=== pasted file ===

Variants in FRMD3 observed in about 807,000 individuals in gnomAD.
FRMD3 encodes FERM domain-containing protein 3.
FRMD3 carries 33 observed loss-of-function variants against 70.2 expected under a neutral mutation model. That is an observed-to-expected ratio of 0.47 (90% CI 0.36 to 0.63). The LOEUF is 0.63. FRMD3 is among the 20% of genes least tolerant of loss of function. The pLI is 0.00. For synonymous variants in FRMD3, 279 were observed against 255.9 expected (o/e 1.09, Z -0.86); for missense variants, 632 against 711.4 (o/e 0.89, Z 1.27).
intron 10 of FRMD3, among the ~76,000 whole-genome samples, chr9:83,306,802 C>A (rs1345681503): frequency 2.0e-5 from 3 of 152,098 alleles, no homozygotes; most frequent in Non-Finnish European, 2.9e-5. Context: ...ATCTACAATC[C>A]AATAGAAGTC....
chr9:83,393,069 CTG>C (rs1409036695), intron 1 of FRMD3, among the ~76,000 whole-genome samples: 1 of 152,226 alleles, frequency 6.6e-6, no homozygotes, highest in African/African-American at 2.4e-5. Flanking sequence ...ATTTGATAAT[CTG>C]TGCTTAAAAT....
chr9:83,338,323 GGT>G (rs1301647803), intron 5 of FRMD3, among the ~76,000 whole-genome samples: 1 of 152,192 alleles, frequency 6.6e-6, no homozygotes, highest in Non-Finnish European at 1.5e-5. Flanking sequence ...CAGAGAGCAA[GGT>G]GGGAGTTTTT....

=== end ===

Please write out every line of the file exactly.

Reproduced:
Variants in FRMD3 observed in about 807,000 individuals in gnomAD.
FRMD3 encodes FERM domain-containing protein 3.
FRMD3 carries 33 observed loss-of-function variants against 70.2 expected under a neutral mutation model. That is an observed-to-expected ratio of 0.47 (90% CI 0.36 to 0.63). The LOEUF is 0.63. FRMD3 is among the 20% of genes least tolerant of loss of function. The pLI is 0.00. For synonymous variants in FRMD3, 279 were observed against 255.9 expected (o/e 1.09, Z -0.86); for missense variants, 632 against 711.4 (o/e 0.89, Z 1.27).
intron 10 of FRMD3, among the ~76,000 whole-genome samples, chr9:83,306,802 C>A (rs1345681503): frequency 2.0e-5 from 3 of 152,098 alleles, no homozygotes; most frequent in Non-Finnish European, 2.9e-5. Context: ...ATCTACAATC[C>A]AATAGAAGTC....
chr9:83,393,069 CTG>C (rs1409036695), intron 1 of FRMD3, among the ~76,000 whole-genome samples: 1 of 152,226 alleles, frequency 6.6e-6, no homozygotes, highest in African/African-American at 2.4e-5. Flanking sequence ...ATTTGATAAT[CTG>C]TGCTTAAAAT....
chr9:83,338,323 GGT>G (rs1301647803), intron 5 of FRMD3, among the ~76,000 whole-genome samples: 1 of 152,192 alleles, frequency 6.6e-6, no homozygotes, highest in Non-Finnish European at 1.5e-5. Flanking sequence ...CAGAGAGCAA[GGT>G]GGGAGTTTTT....